Earlier today I found this film in the Blu-Ray discount bin at a big box store. I had never seen it before so I decided to give it a try. Silent Night, Deadly Night is a bit of a mixed bag but, overall, it's a good film. There are no big names here and lots of first timers. Director Charles E. Sellier Jr. only directed 4 films but went on to produce a significant number of documentaries. He does a great job with the action sequences but the performances he gets from the actors are a bit uneven. Writer Paul Caimi's screen play is classic horror stuff with lots of creative Christmas kills as Billy goes buck on everyone after having a flashback of his parent's murder at the hands of a man dressed in a Santa suit. It's entertaining enough but lacks the genius of Black Christmas (1974) my favorite Christmas horror film.

The star of this show is definitely the way people meet their demise. Kudos to Rick Josephsen [Cujo, Fright Night Part 2] for all the squirm-worthy kills. A few in particular are genius but I'll let you discover those for yourself. The soundtrack by Perry Botkin Jr. is also quite good and adds to the feel of the film.

Silent Night is one of those early 80's "dead teenager" movies that tried to duplicate the success of Friday the 13th (1980) or at least make a quick buck riding the popularity of this horror sub-genre. It succeeds more than it fails.

As a final note the Blu-ray I bought was the 30th Anniversary Edition that is also the "Original Unrated Version." This means portions of the film are not as crisp as others but there is a disclaimer at the beginning that states this up front. The attempt here is to present the film as it was originally intended. With that in mind, I can easily overlook the uneven quality of the film.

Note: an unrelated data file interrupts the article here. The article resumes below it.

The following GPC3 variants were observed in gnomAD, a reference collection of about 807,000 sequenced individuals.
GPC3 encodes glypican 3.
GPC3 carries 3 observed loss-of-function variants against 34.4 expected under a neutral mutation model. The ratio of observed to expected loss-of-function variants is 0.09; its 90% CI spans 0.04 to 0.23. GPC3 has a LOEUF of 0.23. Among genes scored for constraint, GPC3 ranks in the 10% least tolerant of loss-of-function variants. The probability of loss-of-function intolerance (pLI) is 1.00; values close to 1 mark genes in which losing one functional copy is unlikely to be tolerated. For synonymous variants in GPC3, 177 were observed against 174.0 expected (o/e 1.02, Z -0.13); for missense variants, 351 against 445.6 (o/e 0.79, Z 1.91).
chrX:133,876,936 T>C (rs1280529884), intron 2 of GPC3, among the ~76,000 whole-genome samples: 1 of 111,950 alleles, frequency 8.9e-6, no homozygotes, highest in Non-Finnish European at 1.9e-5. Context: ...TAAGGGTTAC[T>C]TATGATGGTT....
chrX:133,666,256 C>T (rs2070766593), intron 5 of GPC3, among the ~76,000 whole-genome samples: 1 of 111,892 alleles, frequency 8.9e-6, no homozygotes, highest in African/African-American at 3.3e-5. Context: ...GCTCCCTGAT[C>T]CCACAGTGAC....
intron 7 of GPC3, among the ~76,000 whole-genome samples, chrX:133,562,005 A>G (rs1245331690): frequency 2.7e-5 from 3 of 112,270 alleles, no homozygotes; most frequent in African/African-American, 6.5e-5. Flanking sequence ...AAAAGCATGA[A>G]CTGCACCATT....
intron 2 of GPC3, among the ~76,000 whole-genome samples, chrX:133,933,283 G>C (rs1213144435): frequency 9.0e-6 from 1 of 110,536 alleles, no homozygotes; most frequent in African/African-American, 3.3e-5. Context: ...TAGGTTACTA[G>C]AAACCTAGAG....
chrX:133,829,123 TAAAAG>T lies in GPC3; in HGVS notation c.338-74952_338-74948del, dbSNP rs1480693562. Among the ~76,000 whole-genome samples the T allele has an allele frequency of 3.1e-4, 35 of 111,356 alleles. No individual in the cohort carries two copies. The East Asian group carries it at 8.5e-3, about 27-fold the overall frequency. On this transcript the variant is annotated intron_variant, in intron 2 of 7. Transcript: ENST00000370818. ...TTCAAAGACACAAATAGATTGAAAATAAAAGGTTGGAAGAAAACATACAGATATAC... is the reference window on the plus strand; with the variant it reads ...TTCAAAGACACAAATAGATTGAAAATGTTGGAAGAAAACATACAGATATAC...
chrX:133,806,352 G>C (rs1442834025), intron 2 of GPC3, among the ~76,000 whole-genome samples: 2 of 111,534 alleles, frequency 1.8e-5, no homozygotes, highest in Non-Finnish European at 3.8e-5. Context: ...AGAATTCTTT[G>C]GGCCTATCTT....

RATING: Good.

For more info check out the film's entry in IMDB.


Saturday, October 29, 2016

A Nightmare on Elm Street (1984)

A Nightmare on Elm Street is the perfect horror film. It is one of my all-time favorites. Not only did Writer/Director Wes Craven create one of the most iconic horror villains ever, he also wowed us with amazing special effects on a modest budget. The basic story centers on Fred Krueger [played to perfection by Robert Englund], a child murderer who haunts the dreams of the teens whose parents killed him many years ago in an act of revenge. If he is able to kill the teens in their dreams, they die in real life as well. The screenplay is virtually flawless and stands out as highly original. I believe it to be Wes Craven's finest work as a writer.

The cast includes Johnny Depp in his first feature film as well as the perfect horror heroine in Heather Langenkamp. She portrays her character Nancy as strong yet vulnerable, smart yet capable of great emotional depth. She's the perfect example of an empowered 1980's woman and I enjoy watching her in every scene. Veteran actor John Saxon [Enter the Dragon, From Dusk Till Dawn] is also great as Nancy's father. He provides the perfect adult skepticism to what's happening on Elm Street but eventually gets it before it's too late.

Kudos as well to Charles Bernstein [April Fool's Day, Kill Bill Vol. 1] for the exceptional musical score that adds greatly to the overall feel of the film.  Nightmare wouldn't be the same without it! It sets the perfect mood time and time again.

Tons of scholarly analysis has already been written about Nightmare so I won't bore you with all the details. Simply enjoy this classic film which has the right amount of gore, scares and characters you care about to keep you on the edge of your set every second of this finely crafted film.

I saw the 2010 remake and, like most critics, I consider it to be pure crap. They spent a lot of money on it but it doesn't come close to the original. The 2010 Freddy just doesn't work for me at all. He is humorless and boring. Furthermore, they may have upped the gore in the sequel and included a back story on Freddy, but both of these things seem totally unnecessary. Stick with the original!